After the Cincinnati Bengals lost against the Houston Texans, I did what every other Bengals football fan probably did. I tried not to dwell and began watching the other playoff games. With Wild Card weekend over, once more I find myself analyzing the Bengals' loss.
I have had a concern in the back of my mind for about five weeks now, one I did not want to believe with Cincinnati doing so well in the second half of the season.
It’s about Andy Dalton.
It wasn’t RG3’s injury. It was how he was playing before he was injured.
During the first two offensive drives for the Redskins, their star rookie quarterback was unstoppable.
As I watched RG3 in the pocket, taking the snap, I saw the quarterback bouncing up and down, shifting around, light-footed. I saw his vision stay downfield, looking for a receiver. I saw the fire in his eyes, and his poise as he led the offense.
I saw the quarterback that I want to see in Andy Dalton.
Don’t get me wrong, I like Dalton. I want him to succeed. After all, Dalton is the quarterback of the team I root for on Sundays. However, sometimes football is not about whether you just “like the guy.”
During the beginning of the year, I saw an impressive Andy Dalton lead the offense to touchdown after touchdown. The Bengals quickly churned out a three-game win streak, despite a slow start in Baltimore.
Even in their next few losses, the offense wasn’t fully to blame. Dalton continued to put up big numbers, even though turnovers were ever-present as well.
Then something happened. The defense got injured players back and started performing like everyone knew they could. The turnovers decreased, and we were winning football games.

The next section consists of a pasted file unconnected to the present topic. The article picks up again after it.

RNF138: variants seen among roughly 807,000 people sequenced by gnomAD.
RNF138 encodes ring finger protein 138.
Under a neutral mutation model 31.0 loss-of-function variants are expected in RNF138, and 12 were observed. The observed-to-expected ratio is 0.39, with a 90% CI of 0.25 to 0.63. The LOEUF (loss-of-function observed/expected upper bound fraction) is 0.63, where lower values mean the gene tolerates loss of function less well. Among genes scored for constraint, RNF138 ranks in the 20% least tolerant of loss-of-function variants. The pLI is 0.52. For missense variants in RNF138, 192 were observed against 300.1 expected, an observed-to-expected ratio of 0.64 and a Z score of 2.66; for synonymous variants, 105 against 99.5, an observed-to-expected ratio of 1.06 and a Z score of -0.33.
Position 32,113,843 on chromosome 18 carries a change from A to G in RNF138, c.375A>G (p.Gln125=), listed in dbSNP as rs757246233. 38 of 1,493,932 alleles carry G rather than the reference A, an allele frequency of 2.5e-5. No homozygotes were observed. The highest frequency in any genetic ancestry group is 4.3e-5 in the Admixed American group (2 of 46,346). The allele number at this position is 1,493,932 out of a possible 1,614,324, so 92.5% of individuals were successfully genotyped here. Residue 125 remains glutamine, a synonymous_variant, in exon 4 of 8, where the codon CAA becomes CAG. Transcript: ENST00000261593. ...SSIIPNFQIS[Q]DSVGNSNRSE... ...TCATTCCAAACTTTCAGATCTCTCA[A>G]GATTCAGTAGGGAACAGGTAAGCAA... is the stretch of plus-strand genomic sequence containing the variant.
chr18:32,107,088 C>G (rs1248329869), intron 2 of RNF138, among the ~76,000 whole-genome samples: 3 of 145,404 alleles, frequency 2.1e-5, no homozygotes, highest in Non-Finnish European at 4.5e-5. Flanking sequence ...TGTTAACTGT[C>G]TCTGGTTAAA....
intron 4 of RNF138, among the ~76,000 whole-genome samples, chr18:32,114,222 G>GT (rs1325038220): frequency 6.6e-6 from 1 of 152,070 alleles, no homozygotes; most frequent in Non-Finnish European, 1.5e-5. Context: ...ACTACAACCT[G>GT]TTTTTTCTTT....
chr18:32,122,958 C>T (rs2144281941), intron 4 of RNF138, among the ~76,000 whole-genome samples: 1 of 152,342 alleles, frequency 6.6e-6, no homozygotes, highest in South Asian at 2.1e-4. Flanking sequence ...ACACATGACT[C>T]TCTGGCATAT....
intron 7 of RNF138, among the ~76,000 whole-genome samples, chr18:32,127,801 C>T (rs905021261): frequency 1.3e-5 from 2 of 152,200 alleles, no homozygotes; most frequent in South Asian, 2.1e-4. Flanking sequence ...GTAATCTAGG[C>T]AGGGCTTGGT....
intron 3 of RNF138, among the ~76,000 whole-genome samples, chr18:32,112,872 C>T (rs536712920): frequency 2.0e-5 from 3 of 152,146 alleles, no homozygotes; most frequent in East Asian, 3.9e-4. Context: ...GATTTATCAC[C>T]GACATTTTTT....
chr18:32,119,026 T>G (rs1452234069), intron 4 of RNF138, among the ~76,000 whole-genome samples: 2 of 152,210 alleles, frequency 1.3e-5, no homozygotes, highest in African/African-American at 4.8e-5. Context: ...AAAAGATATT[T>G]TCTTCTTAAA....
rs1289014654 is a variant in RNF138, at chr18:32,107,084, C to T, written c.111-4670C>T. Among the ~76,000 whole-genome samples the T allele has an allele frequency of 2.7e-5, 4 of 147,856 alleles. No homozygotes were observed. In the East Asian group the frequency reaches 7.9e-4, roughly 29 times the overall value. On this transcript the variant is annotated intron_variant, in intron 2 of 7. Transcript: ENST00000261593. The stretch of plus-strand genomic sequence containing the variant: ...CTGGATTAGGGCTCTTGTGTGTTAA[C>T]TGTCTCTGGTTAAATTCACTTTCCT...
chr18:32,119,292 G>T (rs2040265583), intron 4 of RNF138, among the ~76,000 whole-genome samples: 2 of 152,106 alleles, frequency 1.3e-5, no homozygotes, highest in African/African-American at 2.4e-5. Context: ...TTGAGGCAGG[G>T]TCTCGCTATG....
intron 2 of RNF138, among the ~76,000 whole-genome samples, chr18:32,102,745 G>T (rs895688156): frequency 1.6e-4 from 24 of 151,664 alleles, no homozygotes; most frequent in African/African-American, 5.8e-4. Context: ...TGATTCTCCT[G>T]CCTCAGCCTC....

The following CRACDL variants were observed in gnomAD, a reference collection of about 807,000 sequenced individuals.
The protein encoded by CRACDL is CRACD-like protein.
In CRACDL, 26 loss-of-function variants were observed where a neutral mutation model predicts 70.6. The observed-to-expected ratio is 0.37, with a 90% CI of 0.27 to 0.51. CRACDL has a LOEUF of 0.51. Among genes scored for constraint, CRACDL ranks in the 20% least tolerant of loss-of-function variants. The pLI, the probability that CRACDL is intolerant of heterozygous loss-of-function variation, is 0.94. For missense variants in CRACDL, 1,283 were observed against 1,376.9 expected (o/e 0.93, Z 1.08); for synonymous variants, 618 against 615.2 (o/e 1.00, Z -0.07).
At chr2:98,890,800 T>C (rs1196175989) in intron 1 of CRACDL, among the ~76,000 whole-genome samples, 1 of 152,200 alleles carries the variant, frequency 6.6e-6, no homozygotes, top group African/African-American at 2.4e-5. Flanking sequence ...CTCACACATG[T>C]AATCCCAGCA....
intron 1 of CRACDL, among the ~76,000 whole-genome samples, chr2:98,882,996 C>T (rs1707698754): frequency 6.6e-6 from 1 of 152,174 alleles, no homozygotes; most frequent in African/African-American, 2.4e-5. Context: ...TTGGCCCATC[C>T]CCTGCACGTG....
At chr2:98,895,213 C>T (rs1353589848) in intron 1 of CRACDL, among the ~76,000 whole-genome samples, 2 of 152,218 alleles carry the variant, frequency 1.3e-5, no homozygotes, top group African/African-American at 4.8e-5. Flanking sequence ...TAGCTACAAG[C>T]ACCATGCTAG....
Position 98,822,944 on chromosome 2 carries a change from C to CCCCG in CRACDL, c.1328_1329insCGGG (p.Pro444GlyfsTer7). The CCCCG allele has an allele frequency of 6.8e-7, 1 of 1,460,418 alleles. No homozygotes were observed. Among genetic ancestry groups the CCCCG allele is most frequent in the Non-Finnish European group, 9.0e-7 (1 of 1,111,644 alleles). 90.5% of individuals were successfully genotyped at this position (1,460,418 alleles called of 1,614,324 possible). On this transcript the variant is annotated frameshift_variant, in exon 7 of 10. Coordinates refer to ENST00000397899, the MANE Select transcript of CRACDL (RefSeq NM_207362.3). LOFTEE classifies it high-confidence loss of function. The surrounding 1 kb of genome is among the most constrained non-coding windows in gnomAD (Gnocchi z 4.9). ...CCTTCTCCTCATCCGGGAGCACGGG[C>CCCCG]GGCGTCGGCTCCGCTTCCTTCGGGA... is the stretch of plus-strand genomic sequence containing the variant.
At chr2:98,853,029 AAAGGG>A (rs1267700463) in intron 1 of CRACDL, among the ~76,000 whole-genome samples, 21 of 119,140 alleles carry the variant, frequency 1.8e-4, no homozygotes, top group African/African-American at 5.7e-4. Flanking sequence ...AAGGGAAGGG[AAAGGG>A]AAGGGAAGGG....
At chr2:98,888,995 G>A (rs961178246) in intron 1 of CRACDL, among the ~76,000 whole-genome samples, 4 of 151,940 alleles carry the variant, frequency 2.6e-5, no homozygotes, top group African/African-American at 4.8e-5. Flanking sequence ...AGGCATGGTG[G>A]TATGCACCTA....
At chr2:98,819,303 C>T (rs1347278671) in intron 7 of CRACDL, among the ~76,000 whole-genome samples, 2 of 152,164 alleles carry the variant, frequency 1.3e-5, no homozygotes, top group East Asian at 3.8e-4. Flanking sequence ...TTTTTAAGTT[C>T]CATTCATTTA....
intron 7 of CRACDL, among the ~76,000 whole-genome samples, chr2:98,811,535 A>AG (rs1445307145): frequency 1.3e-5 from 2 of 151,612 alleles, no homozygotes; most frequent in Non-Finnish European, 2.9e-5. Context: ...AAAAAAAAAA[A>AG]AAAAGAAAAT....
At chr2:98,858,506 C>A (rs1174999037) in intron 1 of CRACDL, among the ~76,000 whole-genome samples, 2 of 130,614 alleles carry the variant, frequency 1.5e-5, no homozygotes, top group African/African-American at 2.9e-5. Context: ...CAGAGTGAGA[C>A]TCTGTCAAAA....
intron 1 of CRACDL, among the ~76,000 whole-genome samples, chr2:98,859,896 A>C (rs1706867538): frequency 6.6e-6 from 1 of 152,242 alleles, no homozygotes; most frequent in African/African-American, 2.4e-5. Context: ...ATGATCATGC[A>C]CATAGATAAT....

But we were not winning because of Andy Dalton.
With a solid Cincinnati defense to back him up, he began to lose the impressive stats with which he started the year. Dalton was relying on the defense to get the job done, as the Bengals approached a group of must-win games to fight back into the playoffs.
Dalton visibly lost confidence in the pocket. His accuracy began to dwindle, and the Bengals were just barely putting up enough points to win games kept close by the strong defense.
While he was getting the football out too quickly in the beginning of the season, he started holding onto the football too long during the final stretch.
He was freezing in the pocket.
I’m not going to pretend I know what was going on in Dalton’s mind as he faced those must-win games. But I can say what I saw on my television screen.
A lack of confidence and a lack of leadership during times when we most needed those vital traits in our quarterback.
Dalton has shown flashes of brilliance in his short career in the NFL. For him to truly be the quarterback the Bengals want, he will need to get his confidence back. He will need to be able to face the pressure that every good quarterback has to handle during a crucial game.
Then, and only then, do I think we will see the Andy Dalton we all believe he can be.